In addition, removal could force content on to more obscure places online and does not tackle the core of harmful ideologies. Although the larger companies such as Facebook, Twitter and Instagram are self-regulating and will be held to account by this law, smaller platforms whose ethos is about inspiring hatred and offline harm, such as 4chan, 8chan, Bitchute, and Gab, will evade these safeguards. It is these platforms that could absorb incels should they be unable to post their content on the mainstream sites, and which could impact on them becoming more isolated and extreme in their world views and actions. Therefore, these are societal issues that technological fixes alone will not be able to solve.

A Way Forward? Beyond the Manosphere

The aim of many incels is to ascend from inceldom; this means leaving the community and the blackpill behind, often by successfully entering into a romantic and sexual relationship with a woman. They grow out of the nihilistic perspective and are able to interact in a healthy way with women. Although for some who would consider themselves to have ascended, to be an ex-incel, the legacy of the blackpill ideology remains, and simply being in a romantic relationship with a woman is insufficient in enabling them to completely rethink their world view. Labelling and demonising incels could inadvertently exacerbate the risks and overlooks the individuals behind the term, many of whom are vulnerable and in need of support away from the toxicity of the manosphere. In the worst-case scenario, a self-fulfilling prophecy of being a threat and dangerous could come to fruition. My interviewees who claimed to be ex-incels talked about how the sense of belonging that they thought they were obtaining from being part of the incel community was actually a fallacy; however, society’s treatment of them, and the resulting reaction to them being incel, also intensified the problem:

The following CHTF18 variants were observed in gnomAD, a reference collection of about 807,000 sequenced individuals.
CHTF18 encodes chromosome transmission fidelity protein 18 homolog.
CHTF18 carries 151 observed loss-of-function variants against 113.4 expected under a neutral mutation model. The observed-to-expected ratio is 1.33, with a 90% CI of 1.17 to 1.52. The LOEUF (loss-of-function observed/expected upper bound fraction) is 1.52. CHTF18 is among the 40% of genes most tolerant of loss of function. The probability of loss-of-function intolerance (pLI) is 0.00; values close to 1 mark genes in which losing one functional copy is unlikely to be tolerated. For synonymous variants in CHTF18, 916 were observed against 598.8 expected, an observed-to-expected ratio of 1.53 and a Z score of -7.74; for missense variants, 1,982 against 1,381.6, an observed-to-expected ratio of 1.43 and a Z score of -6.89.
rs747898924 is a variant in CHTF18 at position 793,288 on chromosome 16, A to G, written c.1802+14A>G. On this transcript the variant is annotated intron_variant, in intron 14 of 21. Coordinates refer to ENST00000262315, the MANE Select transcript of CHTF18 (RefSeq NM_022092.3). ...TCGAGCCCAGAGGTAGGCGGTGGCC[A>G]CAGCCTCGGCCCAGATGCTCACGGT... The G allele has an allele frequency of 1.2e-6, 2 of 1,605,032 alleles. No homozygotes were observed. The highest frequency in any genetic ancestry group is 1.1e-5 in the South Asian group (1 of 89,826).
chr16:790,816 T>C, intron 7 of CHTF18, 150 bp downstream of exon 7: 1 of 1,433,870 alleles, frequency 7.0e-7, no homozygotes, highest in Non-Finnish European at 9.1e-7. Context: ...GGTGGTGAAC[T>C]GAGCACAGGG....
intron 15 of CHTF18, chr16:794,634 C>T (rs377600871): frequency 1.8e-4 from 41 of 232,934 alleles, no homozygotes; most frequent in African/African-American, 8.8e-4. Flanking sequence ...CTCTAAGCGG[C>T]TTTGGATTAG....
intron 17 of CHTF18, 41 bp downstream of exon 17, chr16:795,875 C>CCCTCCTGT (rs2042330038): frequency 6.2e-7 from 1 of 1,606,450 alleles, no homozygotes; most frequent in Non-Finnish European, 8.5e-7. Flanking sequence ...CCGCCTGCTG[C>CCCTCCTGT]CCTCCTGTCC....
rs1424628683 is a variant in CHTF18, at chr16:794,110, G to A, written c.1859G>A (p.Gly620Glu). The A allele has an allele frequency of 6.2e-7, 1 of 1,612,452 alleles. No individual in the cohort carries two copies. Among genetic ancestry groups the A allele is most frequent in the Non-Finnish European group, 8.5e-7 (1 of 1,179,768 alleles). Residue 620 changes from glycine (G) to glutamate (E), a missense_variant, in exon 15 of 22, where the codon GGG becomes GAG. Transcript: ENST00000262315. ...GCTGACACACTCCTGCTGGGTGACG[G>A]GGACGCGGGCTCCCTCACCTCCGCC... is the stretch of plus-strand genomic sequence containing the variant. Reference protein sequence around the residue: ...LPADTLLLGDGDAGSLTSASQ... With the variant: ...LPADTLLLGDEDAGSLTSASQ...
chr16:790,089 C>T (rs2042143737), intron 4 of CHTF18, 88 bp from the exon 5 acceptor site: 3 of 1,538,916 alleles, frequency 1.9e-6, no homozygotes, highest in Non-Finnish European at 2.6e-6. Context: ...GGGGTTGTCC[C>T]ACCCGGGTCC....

Since I’ve left the blackpill, I’d say that sense of belonging/support is only an illusion, and that the blackpill (and TRP) is a cult. There are no benefits to joining an online hate group (I didn’t realise it until I left it). Think of it this way: what are the benefits to joining a cult? Your already poor social skills become worse, you become more hateful and bitter, and it’ll actually guarantee that you’ll die alone and never find a relationship … but society gets the criminal it deserves. Society should realise that although online cults like the blackpill are extremely harmful, incels themselves have a lot of mental, emotional and personal issues that shouldn’t be ignored in young men (which unfortunately are). Yes incels do talk crazy shit like killing and raping women, killing Chads and other ridiculous bullshit, but what created that in the first place? Social isolation, bullying and self-esteem issues, too much ideal standards for men, a society that demonises them, women and girls not being held accountable for their actions, emasculation of men in society and therefore a lack of a health role model, men’s mental health issues not being addressed, combine this with the social effects of the internet, all this leads to the rise of incels. (Tom)

It is interesting that the justification narratives remain in Tom’s accounts, providing excuses for the abusive language and behaviours and placing the blame elsewhere rather than holding the community accountable. Men are undeniably experiencing societal harms, both psychologically and physically, but talking about violence as a natural reaction negates any individual agency and validates the violence. It is possible to address the real men’s issues leading young men to seek out support, and show sympathies for them, without condoning or excusing violent behaviours.

For Tom, proper socialisation and a healthy perspective of masculinity is key to protecting young men from inceldom:

Young boys are feeling increasingly lost, unaddressed and facing social isolation, leading to inceldom. Granted not all of them do identify as incels, but most are going through issues and are in a situation that could easily make them incels (which is further harming them to a near-irreversible damage). They’re growing whether you like it or not. I don’t really know how society should be treating incels, the best thing would be to make sure young boys don’t fall into this downward spiral of hatred and radicalisation by better socialisation, more acceptable of healthy masculinity in an increasingly anti-male hostile feminist society. (Tom)

Despite stating that he is an ex-incel, though, Tom sadly still holds views that allude to the incel philosophy of society being in favour of women and feminism being averse to men.